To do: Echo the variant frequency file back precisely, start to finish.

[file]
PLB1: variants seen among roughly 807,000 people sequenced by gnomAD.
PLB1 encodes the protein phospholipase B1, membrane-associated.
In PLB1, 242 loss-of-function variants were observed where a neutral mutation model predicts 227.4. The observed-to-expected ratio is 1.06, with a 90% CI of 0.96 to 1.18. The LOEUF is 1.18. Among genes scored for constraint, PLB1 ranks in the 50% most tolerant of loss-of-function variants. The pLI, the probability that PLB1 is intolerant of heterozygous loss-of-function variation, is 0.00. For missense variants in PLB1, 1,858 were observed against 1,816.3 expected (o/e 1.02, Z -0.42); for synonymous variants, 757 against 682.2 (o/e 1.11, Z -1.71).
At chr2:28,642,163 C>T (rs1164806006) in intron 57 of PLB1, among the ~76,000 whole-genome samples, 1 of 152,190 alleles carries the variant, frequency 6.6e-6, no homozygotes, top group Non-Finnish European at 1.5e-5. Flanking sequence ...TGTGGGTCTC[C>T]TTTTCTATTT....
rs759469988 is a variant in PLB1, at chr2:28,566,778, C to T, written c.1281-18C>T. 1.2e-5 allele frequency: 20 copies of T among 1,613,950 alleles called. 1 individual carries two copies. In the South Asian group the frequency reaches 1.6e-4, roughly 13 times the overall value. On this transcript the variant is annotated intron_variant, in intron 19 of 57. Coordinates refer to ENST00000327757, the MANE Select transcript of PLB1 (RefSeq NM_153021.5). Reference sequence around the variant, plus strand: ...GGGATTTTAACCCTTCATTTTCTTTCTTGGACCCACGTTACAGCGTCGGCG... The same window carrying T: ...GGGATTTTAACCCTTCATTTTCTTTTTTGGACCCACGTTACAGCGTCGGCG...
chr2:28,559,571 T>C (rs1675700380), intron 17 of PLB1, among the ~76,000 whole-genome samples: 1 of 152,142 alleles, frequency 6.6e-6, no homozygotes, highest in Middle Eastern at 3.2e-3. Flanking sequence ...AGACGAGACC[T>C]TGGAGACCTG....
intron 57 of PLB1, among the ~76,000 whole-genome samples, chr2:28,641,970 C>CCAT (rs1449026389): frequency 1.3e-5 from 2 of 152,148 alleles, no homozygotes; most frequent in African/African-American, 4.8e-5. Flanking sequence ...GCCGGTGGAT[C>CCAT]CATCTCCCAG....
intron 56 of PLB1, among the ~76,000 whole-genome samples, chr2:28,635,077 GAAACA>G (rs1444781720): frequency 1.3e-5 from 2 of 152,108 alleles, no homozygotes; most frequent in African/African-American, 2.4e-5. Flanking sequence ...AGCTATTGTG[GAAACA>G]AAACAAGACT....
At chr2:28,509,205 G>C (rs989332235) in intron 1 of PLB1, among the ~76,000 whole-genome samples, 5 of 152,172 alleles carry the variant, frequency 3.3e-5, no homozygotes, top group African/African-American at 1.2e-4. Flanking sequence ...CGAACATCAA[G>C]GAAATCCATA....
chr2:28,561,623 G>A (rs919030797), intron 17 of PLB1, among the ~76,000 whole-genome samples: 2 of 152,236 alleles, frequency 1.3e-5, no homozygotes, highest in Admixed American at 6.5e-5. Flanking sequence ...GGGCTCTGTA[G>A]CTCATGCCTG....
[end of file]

PLB1: variants seen among roughly 807,000 people sequenced by gnomAD.
PLB1 encodes the protein phospholipase B1, membrane-associated.
In PLB1, 242 loss-of-function variants were observed where a neutral mutation model predicts 227.4. The observed-to-expected ratio is 1.06, with a 90% CI of 0.96 to 1.18. The LOEUF is 1.18. Among genes scored for constraint, PLB1 ranks in the 50% most tolerant of loss-of-function variants. The pLI, the probability that PLB1 is intolerant of heterozygous loss-of-function variation, is 0.00. For missense variants in PLB1, 1,858 were observed against 1,816.3 expected (o/e 1.02, Z -0.42); for synonymous variants, 757 against 682.2 (o/e 1.11, Z -1.71).
At chr2:28,642,163 C>T (rs1164806006) in intron 57 of PLB1, among the ~76,000 whole-genome samples, 1 of 152,190 alleles carries the variant, frequency 6.6e-6, no homozygotes, top group Non-Finnish European at 1.5e-5. Flanking sequence ...TGTGGGTCTC[C>T]TTTTCTATTT....
rs759469988 is a variant in PLB1, at chr2:28,566,778, C to T, written c.1281-18C>T. 1.2e-5 allele frequency: 20 copies of T among 1,613,950 alleles called. 1 individual carries two copies. In the South Asian group the frequency reaches 1.6e-4, roughly 13 times the overall value. On this transcript the variant is annotated intron_variant, in intron 19 of 57. Coordinates refer to ENST00000327757, the MANE Select transcript of PLB1 (RefSeq NM_153021.5). Reference sequence around the variant, plus strand: ...GGGATTTTAACCCTTCATTTTCTTTCTTGGACCCACGTTACAGCGTCGGCG... The same window carrying T: ...GGGATTTTAACCCTTCATTTTCTTTTTTGGACCCACGTTACAGCGTCGGCG...
chr2:28,559,571 T>C (rs1675700380), intron 17 of PLB1, among the ~76,000 whole-genome samples: 1 of 152,142 alleles, frequency 6.6e-6, no homozygotes, highest in Middle Eastern at 3.2e-3. Flanking sequence ...AGACGAGACC[T>C]TGGAGACCTG....
intron 57 of PLB1, among the ~76,000 whole-genome samples, chr2:28,641,970 C>CCAT (rs1449026389): frequency 1.3e-5 from 2 of 152,148 alleles, no homozygotes; most frequent in African/African-American, 4.8e-5. Flanking sequence ...GCCGGTGGAT[C>CCAT]CATCTCCCAG....
intron 56 of PLB1, among the ~76,000 whole-genome samples, chr2:28,635,077 GAAACA>G (rs1444781720): frequency 1.3e-5 from 2 of 152,108 alleles, no homozygotes; most frequent in African/African-American, 2.4e-5. Flanking sequence ...AGCTATTGTG[GAAACA>G]AAACAAGACT....
At chr2:28,509,205 G>C (rs989332235) in intron 1 of PLB1, among the ~76,000 whole-genome samples, 5 of 152,172 alleles carry the variant, frequency 3.3e-5, no homozygotes, top group African/African-American at 1.2e-4. Flanking sequence ...CGAACATCAA[G>C]GAAATCCATA....
chr2:28,561,623 G>A (rs919030797), intron 17 of PLB1, among the ~76,000 whole-genome samples: 2 of 152,236 alleles, frequency 1.3e-5, no homozygotes, highest in Admixed American at 6.5e-5. Flanking sequence ...GGGCTCTGTA[G>A]CTCATGCCTG....